Paper No. 3
Presentation Time: 1:45 PM
THE CONSEQUENCES OF RAPID EMISSIONS OF CARBON ON CLIMATE AND OCEAN CHEMISTRY: INSIGHTS FROM THE LATE PALEOCENE AND EARLY EOCENE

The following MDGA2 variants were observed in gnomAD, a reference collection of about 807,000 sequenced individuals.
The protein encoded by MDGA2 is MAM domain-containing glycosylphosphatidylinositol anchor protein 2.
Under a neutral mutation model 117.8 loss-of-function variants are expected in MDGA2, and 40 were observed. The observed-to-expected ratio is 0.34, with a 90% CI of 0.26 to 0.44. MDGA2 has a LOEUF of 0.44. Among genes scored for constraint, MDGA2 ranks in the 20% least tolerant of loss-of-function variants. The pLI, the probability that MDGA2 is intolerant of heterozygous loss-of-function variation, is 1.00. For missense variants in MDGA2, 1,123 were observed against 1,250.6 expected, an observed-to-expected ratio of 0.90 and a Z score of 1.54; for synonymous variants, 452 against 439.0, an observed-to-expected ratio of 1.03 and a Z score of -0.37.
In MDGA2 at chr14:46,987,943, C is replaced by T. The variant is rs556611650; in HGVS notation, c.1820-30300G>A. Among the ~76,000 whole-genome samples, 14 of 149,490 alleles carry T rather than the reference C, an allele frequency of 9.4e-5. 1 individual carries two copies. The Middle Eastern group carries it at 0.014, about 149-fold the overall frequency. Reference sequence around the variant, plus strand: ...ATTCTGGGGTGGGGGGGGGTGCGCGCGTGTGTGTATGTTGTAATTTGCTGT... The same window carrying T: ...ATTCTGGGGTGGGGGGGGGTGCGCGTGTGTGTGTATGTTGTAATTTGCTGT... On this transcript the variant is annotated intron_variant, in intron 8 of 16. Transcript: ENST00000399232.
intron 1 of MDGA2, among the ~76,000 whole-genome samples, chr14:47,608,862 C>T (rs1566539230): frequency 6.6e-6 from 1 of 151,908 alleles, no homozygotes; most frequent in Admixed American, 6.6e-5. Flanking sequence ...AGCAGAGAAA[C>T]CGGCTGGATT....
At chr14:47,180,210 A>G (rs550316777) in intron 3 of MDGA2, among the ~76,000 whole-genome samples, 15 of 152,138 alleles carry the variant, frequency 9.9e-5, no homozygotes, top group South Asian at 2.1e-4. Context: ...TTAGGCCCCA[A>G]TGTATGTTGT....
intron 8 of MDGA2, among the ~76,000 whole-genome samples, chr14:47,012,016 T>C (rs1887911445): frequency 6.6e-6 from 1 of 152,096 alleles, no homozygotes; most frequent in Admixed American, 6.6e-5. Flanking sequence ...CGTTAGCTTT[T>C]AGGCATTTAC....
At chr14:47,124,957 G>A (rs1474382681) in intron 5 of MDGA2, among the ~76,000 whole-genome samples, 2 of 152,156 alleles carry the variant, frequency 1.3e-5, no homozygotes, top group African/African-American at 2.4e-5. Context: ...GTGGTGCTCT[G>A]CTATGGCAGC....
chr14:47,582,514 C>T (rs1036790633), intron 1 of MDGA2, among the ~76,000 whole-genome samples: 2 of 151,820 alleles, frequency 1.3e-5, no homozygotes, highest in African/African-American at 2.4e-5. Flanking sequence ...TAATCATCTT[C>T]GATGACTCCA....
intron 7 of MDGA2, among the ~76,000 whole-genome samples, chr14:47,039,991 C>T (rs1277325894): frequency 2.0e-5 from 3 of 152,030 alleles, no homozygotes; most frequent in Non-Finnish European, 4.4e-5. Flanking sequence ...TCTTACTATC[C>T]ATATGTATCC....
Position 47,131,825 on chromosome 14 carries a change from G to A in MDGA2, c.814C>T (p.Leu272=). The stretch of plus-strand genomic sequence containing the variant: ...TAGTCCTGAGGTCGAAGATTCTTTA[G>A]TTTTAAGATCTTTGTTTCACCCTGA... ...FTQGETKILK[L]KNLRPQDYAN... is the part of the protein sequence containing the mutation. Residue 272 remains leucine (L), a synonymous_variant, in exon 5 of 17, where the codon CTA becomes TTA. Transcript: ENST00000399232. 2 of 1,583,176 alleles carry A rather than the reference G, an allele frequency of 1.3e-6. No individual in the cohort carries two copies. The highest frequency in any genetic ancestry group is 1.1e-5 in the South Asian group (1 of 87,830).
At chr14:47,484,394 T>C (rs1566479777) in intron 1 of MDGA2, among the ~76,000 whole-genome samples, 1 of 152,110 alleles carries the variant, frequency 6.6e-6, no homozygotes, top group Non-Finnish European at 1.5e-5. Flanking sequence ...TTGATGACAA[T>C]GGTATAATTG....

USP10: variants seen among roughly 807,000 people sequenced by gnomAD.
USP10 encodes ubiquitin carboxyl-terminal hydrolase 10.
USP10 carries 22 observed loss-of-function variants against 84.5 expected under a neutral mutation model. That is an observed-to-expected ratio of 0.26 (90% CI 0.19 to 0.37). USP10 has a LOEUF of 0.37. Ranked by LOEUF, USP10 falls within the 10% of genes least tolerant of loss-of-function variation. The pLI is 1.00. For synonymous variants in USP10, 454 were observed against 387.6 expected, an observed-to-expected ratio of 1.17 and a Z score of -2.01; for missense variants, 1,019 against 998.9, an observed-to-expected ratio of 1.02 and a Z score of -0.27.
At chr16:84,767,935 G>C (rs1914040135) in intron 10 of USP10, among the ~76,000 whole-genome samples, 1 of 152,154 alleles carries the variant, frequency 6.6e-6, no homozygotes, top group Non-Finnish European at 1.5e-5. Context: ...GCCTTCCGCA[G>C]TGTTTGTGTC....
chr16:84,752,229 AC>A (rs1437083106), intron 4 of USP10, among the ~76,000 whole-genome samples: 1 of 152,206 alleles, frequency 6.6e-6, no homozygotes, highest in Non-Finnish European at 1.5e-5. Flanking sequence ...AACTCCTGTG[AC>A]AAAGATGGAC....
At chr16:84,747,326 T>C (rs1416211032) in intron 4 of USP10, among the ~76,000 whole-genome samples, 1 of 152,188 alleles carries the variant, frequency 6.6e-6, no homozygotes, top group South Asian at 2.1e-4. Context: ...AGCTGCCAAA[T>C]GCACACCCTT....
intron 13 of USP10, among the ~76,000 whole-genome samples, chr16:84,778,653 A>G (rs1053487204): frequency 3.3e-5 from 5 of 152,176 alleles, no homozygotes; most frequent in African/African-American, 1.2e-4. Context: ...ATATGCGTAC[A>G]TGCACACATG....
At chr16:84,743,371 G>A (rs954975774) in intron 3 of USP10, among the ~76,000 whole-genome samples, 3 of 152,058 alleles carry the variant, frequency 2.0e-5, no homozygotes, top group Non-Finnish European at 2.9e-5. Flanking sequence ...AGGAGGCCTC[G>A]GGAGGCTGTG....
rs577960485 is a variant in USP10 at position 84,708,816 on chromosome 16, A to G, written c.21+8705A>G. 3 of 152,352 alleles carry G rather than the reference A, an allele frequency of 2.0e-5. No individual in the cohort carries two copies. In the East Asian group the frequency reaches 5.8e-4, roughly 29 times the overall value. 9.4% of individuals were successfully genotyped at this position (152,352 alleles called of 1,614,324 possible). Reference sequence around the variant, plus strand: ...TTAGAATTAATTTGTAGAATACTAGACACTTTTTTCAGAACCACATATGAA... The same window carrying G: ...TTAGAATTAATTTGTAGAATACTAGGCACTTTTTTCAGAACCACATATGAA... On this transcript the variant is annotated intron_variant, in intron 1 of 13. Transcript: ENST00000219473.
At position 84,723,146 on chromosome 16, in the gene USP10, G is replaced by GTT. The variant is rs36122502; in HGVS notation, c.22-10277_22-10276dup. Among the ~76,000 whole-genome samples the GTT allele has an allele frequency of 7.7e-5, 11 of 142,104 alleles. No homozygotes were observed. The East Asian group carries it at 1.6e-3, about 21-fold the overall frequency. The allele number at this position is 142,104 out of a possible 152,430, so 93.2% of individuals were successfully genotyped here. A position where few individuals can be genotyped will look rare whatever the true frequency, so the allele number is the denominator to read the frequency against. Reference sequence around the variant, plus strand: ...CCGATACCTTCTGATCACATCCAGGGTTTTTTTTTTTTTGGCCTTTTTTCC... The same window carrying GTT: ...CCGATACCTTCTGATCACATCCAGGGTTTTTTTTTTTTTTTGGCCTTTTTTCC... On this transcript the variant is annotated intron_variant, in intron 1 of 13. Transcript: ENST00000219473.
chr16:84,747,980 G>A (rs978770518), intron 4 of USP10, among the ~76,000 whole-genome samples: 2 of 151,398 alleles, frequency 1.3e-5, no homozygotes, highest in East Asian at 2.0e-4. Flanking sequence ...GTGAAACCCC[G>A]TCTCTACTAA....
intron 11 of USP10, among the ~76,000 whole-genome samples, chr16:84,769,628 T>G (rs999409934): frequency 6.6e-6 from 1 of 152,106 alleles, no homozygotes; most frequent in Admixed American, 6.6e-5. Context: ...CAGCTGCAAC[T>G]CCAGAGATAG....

The climatic response to sudden changes in global carbon fluxes in the distant past is of great interest to the earth sciences community, particularly given the relevance of such events to understanding the long-term impacts of current and future anthropogenic carbon emissions on climate and ocean chemistry. The Paleogene is characterized by several such events, including the Paleocene-Eocene Thermal Maximum (PETM), which involved the release of a large mass of carbon to the ocean-atmosphere at the end of the Paleocene. The rate of release is estimated to have been roughly a Pg C/y with more 4500 Pg C in total, thus providing a unique opportunity to explore climate sensitivity to extreme greenhouse forcing, as well as the short- and long-term oceanic carbon cycle feedbacks. To this end, considerable time and effort have been invested over the last two decades to reconstruct the scale and timing of the climatic and carbon cycle changes associated with the PETM, and to integrate these observations with modeling. This includes efforts to ; 1) quantify the changes in sea surface temperatures (DSST) on a global scale; 2) place the PETM and other early Eocene hyperthermals in the context of longer-term background variability related to variations in Earth’s orbit (i.e., cycle stratigraphy): and 3) quantify the changes in ocean carbonate chemistry, particularly pH. For example, the reconstructions of SST have improved significantly with the development and application of the archeal lipid-based TEX86 proxy, particularly in high latitude sections. Efforts to build high-resolution marine isotope records have benefitted from the recovery and study of highly expanded and continuous pelagic sedimentary sections, which now provide a high-fidelity orbital framework for the timing of the PETM and other similar events. And finally, the recent development and application of pH proxies, B/Ca and B isotopes in foraminifera from deep sea and shallow marine sections spanning the P-E boundary, provide the first unequivocal evidence for reductions in surface ocean pH. In this presentation i review several of these critical new developments.